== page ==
Karzai’s term is also due to end next year. He has let it be known that he may support Abdul Rasul Sayyaf as his successor. A veteran of the anti-Soviet war in Afghanistan, Sayyaf has always backed him. Of Pashtun origin, he had invited Osama bin Laden to Afghanistan and enjoys a solid Saudi connection. Sharif is also very close to the royal family. The Saudis are carefully watching the transition in Afghanistan, a theatre of conflict for their sectarian war with Iran.

In this context, India can cash in on the popularity it has acquired in Afghanistan due to the $2 billion it has offered in aid and the development work it has undertaken in the country. But will that be sufficient? If India is to really wield influence, Kabul will expect much more. Karzai presented an arms wish-list to India, but is New Delhi prepared to respond positively? Is India prepared to train his soldiers in Afghanistan? The memories of the Sri Lankan fiasco make it apprehensive about deployment of military forces abroad.

If successful, the talks between Karzai (or his successor) and Nawaz Sharif may not allow India to retain its position in Afghanistan. The alternative to these talks — as well as to the many talks that may be going on in Doha, Kabul, Islamabad and elsewhere — is war. The region may then go back to square one and India will probably support a new Northern Alliance. That is not a solution, either, if this guerilla war ends the same way as the previous one, with the neo-Taliban or even the Haqqani network back in Kabul with the support of the ISI, like in 1996.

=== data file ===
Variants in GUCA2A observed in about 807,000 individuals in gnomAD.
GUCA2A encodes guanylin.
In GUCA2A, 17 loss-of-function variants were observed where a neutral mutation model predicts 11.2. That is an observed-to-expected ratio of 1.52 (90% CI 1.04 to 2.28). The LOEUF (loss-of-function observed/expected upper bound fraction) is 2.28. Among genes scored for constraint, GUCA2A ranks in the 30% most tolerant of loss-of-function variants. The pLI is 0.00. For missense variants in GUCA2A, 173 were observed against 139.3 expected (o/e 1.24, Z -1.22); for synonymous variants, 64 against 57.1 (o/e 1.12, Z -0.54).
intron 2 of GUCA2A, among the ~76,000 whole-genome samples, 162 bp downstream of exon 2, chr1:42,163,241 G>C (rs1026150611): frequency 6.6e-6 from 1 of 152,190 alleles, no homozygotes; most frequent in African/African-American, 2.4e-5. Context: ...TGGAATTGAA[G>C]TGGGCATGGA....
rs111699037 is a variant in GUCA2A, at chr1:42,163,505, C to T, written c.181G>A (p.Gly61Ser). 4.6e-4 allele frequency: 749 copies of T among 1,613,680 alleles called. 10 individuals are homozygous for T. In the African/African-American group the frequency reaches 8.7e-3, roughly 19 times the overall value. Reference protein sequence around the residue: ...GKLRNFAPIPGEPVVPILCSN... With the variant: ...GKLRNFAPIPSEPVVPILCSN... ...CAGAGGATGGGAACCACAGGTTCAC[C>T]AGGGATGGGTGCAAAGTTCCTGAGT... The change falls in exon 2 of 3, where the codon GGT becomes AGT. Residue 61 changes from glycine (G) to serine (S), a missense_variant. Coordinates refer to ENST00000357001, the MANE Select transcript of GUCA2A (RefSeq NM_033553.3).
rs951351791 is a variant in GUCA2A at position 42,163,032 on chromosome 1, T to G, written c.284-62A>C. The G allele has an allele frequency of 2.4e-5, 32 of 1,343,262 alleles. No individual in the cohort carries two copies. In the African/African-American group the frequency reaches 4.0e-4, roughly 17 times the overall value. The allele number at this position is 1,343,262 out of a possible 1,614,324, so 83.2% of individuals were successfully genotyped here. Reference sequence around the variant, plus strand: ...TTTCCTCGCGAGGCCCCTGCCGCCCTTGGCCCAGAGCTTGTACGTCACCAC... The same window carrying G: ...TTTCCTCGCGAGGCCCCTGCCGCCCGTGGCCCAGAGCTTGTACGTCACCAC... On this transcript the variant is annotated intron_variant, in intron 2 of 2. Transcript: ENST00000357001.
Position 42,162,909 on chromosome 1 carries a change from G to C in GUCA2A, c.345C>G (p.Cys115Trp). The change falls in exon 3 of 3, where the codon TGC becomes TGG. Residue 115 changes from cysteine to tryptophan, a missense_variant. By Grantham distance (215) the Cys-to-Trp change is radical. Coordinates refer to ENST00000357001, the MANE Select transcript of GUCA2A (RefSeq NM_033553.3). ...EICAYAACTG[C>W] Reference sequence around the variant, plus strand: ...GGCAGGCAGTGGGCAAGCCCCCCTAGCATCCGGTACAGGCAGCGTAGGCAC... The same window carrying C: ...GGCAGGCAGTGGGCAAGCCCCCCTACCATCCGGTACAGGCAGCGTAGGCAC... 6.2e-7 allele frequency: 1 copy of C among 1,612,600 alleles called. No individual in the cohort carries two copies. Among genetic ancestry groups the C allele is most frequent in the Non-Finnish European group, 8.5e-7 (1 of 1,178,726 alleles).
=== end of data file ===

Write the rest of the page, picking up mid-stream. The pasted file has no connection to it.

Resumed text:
To avert such a disturbing scenario, India could take some initiative. To start with, it might want to throw its weight behind a genuine intra-Afghan dialogue. It is time the Pashtuns and non-Pashtuns engaged with each other with an open mind and spoke in a unified voice. Providing arms to Karzai or his successor would make sense only if they are not used to crush domestic political opposition and unleash another civil war. Also, if arming Kabul risks further complications between Rawalpindi and New Delhi, India should support the Sharif-Karzai dialogue. It should also break its silence on the Durand Line issue and encourage talks. Though not in Kabul’s interests in the short run, a territorially secure Pakistan would be in the region’s interest in the long run. Finally, India’s emphasis on the Karzai government, while principally sound, is problematic on the ground. While remaining dedicated to the strengthening of the central government of Afghanistan, India must constructively engage political groups outside the government. This will be key to safeguarding its material and strategic interests in Afghanistan, regardless of how things unravel post 2014.

The writer is senior research fellow at CERI-Sciences Po/CNRS, Paris, professor of Indian Politics and Sociology at King’s India Institute, London, and non-resident scholar at the Carnegie Endowment for International Peace